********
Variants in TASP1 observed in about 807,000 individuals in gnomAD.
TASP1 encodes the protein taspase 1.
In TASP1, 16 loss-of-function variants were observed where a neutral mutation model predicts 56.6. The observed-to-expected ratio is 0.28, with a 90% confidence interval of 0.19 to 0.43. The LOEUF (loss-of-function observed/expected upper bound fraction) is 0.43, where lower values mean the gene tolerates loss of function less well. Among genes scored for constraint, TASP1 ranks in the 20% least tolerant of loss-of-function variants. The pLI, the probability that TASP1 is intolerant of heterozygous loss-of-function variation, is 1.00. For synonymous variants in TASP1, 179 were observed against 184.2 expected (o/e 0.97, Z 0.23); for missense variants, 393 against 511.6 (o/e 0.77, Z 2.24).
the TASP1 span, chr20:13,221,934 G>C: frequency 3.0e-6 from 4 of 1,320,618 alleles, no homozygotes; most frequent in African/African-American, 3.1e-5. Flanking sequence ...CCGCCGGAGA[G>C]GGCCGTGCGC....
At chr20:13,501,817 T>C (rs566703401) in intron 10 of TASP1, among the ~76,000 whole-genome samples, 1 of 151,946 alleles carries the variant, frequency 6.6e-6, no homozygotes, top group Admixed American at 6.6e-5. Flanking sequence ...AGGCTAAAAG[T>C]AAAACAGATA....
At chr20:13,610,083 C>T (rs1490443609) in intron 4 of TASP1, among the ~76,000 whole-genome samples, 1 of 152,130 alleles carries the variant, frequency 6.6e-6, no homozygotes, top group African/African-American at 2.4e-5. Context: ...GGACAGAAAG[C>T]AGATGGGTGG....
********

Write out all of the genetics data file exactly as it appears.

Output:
Variants in TASP1 observed in about 807,000 individuals in gnomAD.
TASP1 encodes the protein taspase 1.
In TASP1, 16 loss-of-function variants were observed where a neutral mutation model predicts 56.6. The observed-to-expected ratio is 0.28, with a 90% confidence interval of 0.19 to 0.43. The LOEUF (loss-of-function observed/expected upper bound fraction) is 0.43, where lower values mean the gene tolerates loss of function less well. Among genes scored for constraint, TASP1 ranks in the 20% least tolerant of loss-of-function variants. The pLI, the probability that TASP1 is intolerant of heterozygous loss-of-function variation, is 1.00. For synonymous variants in TASP1, 179 were observed against 184.2 expected (o/e 0.97, Z 0.23); for missense variants, 393 against 511.6 (o/e 0.77, Z 2.24).
the TASP1 span, chr20:13,221,934 G>C: frequency 3.0e-6 from 4 of 1,320,618 alleles, no homozygotes; most frequent in African/African-American, 3.1e-5. Flanking sequence ...CCGCCGGAGA[G>C]GGCCGTGCGC....
At chr20:13,501,817 T>C (rs566703401) in intron 10 of TASP1, among the ~76,000 whole-genome samples, 1 of 151,946 alleles carries the variant, frequency 6.6e-6, no homozygotes, top group Admixed American at 6.6e-5. Flanking sequence ...AGGCTAAAAG[T>C]AAAACAGATA....
At chr20:13,610,083 C>T (rs1490443609) in intron 4 of TASP1, among the ~76,000 whole-genome samples, 1 of 152,130 alleles carries the variant, frequency 6.6e-6, no homozygotes, top group African/African-American at 2.4e-5. Context: ...GGACAGAAAG[C>T]AGATGGGTGG....